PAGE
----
Average: 5 (1 vote)
ebrowne's picture


Kerry James Marshall rebalances museum collections one painting at a time.

It’s tough to tell whether the writing “SOB, SOB” in this painting means the girl in the painting is crying or shouting profane acronyms at the imperialists of yore. Perhaps both? How do we know she is contemplating colonialism/imperialism? Well, because the girl is gazing out the window while her hand is placed on a copy of Africa since 1413, meanwhile behind her are volumes and volumes of books like, From Slavery to Freedom, Black Women in White America, Critical Race Theory, and Soul of Africa. The concept behind this painting is the quote, “there are things that you cannot not know.” For instance, some things you cannot not know is that there is always an ugly carrot in a bag of normal carrots, the kinship you feel with the drunk girls in the bathroom never lasts, and foods eaten with toothpicks are the most delicious. But in this painting the universal truth is much more serious. We cannot not know how poorly black people have been treated throughout history.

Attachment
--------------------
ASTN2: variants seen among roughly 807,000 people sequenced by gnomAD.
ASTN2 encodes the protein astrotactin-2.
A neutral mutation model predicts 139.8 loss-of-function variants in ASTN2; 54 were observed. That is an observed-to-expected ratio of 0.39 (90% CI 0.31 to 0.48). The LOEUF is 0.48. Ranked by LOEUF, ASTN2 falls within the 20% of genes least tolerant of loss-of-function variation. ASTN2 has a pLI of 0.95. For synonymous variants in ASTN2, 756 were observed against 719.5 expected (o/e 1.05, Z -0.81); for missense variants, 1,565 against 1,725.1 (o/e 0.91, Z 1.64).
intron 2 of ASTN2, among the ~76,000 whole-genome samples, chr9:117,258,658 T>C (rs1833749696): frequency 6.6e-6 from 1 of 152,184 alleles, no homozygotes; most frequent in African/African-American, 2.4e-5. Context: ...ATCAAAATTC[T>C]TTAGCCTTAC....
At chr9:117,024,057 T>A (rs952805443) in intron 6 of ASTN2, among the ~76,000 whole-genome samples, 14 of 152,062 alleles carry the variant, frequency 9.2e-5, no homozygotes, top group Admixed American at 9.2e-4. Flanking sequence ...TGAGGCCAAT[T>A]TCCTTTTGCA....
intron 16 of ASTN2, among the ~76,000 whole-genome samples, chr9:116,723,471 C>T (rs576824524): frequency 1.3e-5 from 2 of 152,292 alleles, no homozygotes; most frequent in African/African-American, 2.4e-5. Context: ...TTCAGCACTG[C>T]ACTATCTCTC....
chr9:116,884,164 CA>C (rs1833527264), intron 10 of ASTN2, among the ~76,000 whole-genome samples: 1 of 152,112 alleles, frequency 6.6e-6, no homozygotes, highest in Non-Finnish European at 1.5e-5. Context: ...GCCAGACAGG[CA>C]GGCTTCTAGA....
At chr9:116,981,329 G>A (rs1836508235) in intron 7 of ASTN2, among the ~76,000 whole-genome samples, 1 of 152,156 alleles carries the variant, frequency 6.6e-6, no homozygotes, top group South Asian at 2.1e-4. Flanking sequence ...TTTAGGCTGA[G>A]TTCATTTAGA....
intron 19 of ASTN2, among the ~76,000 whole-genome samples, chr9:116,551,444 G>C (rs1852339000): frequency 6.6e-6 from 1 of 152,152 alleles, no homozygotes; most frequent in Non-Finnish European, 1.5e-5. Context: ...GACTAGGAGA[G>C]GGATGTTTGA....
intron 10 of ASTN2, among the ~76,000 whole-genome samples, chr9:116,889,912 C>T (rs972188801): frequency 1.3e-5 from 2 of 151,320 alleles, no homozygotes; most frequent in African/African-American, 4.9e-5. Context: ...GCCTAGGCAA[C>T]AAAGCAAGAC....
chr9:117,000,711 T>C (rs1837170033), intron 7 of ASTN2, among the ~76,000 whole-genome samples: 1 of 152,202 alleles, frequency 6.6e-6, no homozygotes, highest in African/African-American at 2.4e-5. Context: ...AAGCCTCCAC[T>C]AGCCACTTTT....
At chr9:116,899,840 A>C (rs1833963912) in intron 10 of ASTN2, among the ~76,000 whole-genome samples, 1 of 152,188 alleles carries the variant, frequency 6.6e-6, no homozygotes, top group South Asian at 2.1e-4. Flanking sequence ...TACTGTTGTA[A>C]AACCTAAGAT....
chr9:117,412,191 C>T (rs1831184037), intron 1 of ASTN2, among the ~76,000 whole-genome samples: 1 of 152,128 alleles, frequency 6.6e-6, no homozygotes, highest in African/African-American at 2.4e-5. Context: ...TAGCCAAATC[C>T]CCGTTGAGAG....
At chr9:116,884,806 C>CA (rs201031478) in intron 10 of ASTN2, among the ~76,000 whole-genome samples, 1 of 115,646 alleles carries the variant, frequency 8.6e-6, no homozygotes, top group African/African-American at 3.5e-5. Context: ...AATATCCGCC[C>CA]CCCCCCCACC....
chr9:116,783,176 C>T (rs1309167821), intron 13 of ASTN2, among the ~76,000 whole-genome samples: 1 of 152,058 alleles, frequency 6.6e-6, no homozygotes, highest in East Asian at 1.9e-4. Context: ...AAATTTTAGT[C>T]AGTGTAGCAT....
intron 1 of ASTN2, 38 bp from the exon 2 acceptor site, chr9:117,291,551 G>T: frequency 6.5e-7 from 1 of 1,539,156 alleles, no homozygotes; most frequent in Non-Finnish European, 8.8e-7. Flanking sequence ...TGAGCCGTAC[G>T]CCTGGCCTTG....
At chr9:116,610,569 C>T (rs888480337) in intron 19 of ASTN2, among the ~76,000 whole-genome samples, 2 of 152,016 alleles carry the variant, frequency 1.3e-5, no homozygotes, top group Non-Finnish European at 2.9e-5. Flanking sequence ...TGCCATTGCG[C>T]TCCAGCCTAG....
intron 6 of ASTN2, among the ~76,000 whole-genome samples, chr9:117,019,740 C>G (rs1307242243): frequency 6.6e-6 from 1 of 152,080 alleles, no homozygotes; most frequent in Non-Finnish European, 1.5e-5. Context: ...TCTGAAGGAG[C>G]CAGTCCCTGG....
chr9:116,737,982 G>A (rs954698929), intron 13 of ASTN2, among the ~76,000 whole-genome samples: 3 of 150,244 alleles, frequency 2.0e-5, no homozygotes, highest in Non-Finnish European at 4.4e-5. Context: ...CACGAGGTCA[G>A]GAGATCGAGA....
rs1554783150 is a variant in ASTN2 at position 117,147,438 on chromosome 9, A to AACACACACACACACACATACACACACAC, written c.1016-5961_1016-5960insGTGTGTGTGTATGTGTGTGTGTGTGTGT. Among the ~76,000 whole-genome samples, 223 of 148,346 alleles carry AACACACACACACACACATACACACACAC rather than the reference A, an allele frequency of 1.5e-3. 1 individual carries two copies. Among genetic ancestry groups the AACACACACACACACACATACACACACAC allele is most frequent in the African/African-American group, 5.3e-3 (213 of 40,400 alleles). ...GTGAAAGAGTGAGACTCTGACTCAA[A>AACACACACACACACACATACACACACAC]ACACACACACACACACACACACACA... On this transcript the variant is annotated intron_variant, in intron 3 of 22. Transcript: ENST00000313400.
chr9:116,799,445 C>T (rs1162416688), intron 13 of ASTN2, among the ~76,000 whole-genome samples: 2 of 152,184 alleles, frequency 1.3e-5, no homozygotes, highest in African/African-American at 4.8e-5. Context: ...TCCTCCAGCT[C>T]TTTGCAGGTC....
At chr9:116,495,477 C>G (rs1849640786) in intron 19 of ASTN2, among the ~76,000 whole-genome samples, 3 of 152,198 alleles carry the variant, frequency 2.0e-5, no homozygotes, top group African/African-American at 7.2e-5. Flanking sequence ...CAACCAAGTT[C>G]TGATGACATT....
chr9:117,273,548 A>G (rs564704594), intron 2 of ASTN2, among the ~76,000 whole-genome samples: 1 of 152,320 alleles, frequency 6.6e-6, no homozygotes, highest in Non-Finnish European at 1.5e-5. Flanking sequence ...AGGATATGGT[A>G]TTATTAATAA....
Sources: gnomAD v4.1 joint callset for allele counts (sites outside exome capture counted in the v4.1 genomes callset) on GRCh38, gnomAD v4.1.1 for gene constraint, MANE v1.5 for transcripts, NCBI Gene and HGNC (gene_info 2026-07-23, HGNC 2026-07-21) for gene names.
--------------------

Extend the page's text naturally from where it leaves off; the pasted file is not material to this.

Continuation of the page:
Marshall’s art revolves around this fact and he has “committed [himself] to only making black figures in [his] paintings because there are not enough paintings in museums, anywhere, really that have black figures as the central subject of those pictures.” He’s taken a kind of Guerrilla Girls approach to commenting on the lack of one kind of person in museums and is slowly chipping away at the difference in the number of white people represented vs. black people represented. It may take Marshall’s entire life to make a dent in that number but Rome wasn’t built in a day.




  1. Meet Kerry James Marshall. Washington, D.C.: Smithsonian American Art Museum, 2013. video.
  2. "SOB, SOB By Kerry James Marshall / American Art". Web. 7 Apr. 2017.
  3. Dixon, Glenn, and Glenn Dixon. "'True Thing': Breaking Out Of The Frame". Washington Post. N.p., 2004. Web. 7 Apr. 2017.